As the work week ends and the weekend begins, two updates to stories from my own backyard about which I've blogged previously--the firing of teacher Tippi McCullough by Mount St. Mary Catholic school in Little Rock when she married her partner Barbara Mariani, and the case involving a teacher at the same school, Kelly Ann O'Rourke, who molested a student at the school and was back in court recently on charges that she had violated the terms of her parole. I discuss the first story (and mention the second) here and here, and the second is discussed here and here. Here are the updates:
1. For Arkansas Times, David Koon recently did a story about what happened to Tippi McCullough at Mount St. Mary. Koon reports that McCullough and Mariani have indicated that the school's administration knew of their 14-year committed relationship, and they had hoped the school would not take reprisal when they married.
After the school offered McCullough a choice of being fired or resigning on the day she and Mariani married, she stated in her letter of resignation that the school's action violates the "Mercy Values" by which it claims to function as a school founded and owned by the Sisters of Mercy--in particular, she maintains, it violates the Mercy Value which recognizes "the intrinsic worth and dignity of each person." (Koon states that the school's principal Diane Wolfe defended her decision to fire McCullough when a theologian wrote her to challenge those actions. This is new information to me. For The New Civil Rights Movement, David Badash has reported that Wolfe's statement was issued in response to a former Mount St. Mary student who challenged her specifically on the ground that the school teaches one thing with its Mercy Values, and then does another in the case of gay folks and gay rights.)
Koon also notes that the Human Rights Campaign has held a support rally for McCullough and Mariani, and that HRC president Chad Griffin attended and spoke at the rally, noting the disconnect between what this school has chosen to do in McCullough's case and Pope Francis's insistence that we should refrain from judging those who are gay. Koon also reports that Mariani told the gathering that she and McCullough have lived discreet, private lives, and decided to go public about what Mount St. Mary did to them in the hope that telling their story will make it harder for Catholic schools to continue to treat gay employees this way:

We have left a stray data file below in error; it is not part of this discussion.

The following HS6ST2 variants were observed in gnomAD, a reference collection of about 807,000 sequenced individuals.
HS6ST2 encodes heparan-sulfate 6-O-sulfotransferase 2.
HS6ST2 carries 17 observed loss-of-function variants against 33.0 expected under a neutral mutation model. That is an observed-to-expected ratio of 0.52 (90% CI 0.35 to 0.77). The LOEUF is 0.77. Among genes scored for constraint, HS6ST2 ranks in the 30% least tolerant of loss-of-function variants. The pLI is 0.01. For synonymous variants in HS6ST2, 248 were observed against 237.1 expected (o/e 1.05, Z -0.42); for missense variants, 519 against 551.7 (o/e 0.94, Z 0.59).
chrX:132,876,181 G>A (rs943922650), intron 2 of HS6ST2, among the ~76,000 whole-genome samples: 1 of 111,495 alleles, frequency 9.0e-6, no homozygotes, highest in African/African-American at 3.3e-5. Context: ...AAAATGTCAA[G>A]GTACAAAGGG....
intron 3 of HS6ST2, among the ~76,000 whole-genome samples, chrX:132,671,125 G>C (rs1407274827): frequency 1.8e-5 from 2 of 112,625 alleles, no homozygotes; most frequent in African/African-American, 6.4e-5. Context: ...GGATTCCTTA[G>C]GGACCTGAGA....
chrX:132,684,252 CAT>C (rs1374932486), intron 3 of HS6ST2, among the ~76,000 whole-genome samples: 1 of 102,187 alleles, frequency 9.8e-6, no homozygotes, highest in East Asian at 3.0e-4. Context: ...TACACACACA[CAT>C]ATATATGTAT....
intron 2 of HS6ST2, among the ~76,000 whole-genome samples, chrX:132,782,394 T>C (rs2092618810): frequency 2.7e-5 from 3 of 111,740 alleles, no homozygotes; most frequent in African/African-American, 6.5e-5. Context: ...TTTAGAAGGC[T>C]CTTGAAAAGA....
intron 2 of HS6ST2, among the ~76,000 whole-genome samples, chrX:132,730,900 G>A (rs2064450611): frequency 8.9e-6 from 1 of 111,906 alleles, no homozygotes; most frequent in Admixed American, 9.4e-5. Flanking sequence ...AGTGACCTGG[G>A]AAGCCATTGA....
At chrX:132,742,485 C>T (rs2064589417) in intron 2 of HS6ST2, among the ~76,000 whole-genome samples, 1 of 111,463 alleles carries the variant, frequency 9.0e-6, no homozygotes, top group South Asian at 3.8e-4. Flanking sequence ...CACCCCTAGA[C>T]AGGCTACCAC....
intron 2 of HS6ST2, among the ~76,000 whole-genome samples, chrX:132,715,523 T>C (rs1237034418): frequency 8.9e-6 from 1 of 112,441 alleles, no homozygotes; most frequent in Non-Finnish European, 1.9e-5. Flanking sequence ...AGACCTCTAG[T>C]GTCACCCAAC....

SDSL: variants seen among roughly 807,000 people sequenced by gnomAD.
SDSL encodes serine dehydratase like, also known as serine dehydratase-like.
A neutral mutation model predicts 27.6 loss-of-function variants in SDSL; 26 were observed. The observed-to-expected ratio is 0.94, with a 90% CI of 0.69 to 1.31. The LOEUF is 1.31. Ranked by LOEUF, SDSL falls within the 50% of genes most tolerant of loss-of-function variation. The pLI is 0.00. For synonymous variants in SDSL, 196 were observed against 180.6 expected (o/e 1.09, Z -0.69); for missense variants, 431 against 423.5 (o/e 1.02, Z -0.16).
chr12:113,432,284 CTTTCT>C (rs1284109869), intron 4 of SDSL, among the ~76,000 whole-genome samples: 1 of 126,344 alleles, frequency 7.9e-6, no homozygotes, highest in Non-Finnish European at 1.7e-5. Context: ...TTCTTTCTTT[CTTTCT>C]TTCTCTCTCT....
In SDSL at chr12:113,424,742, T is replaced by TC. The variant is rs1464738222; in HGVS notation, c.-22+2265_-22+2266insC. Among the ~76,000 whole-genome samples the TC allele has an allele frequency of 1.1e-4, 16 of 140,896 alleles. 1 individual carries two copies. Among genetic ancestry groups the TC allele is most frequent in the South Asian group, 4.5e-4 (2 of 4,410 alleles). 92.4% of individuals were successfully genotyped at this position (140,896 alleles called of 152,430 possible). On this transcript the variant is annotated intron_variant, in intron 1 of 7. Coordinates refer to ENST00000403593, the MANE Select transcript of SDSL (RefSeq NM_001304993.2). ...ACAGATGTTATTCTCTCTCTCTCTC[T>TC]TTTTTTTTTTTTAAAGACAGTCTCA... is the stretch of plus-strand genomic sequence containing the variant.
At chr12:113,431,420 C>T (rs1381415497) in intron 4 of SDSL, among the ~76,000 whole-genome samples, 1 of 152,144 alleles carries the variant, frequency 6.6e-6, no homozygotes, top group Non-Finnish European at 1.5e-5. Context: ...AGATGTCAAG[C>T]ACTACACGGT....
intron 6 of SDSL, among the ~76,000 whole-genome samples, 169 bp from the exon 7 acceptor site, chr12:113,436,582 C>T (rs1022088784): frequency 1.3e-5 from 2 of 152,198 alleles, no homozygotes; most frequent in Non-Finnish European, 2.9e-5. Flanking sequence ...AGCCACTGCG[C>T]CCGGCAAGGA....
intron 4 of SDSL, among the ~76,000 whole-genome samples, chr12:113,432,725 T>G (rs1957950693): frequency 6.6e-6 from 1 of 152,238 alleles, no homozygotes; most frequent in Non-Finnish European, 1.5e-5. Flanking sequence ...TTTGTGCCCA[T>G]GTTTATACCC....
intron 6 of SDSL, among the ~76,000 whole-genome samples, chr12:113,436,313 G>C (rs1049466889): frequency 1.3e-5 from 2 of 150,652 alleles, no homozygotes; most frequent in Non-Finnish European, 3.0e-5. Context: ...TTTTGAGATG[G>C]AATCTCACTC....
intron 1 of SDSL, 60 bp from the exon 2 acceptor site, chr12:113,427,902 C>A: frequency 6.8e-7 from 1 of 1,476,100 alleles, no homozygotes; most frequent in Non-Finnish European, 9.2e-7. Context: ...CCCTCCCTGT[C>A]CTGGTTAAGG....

"What we realized is that silence perpetuates inequality," she said, "and until someone rights that silence," it continues to hurt. Mariani said that while they had discussed the possibility of retribution against them for getting legally married, she said they had believed the school would "continue to exercise just application of that moral code, like they had for the past 14 years" toward the couple.
2. Re: the second story involving Mount St. Mary: former teacher Kelly Ann O'Rourke was sentenced on 28 October to 10 years in prison for repeatedly violating her terms of parole by attempting to make contact on multiple occasions with the student she had molested. For SNAP, Barbara Dorris states,
This woman chose to use her position of trust and respect as a teacher to harm a child entrusted to her care. This behavior cannot be tolerated. We applaud the judge for sending a strong statement to anyone who has the privilege of working with children; if you exploit your position for criminal behavior you will be held accountable.
As she notes, the fact that O'Rourke was serving time when she chose to continue trying to make contact with her victim suggests that she may pose a real threat to minors, since she has shown little regard for the judicial system that has sought to deal with her molestation of a minor.
The photo: our backyard this All Souls day 2013.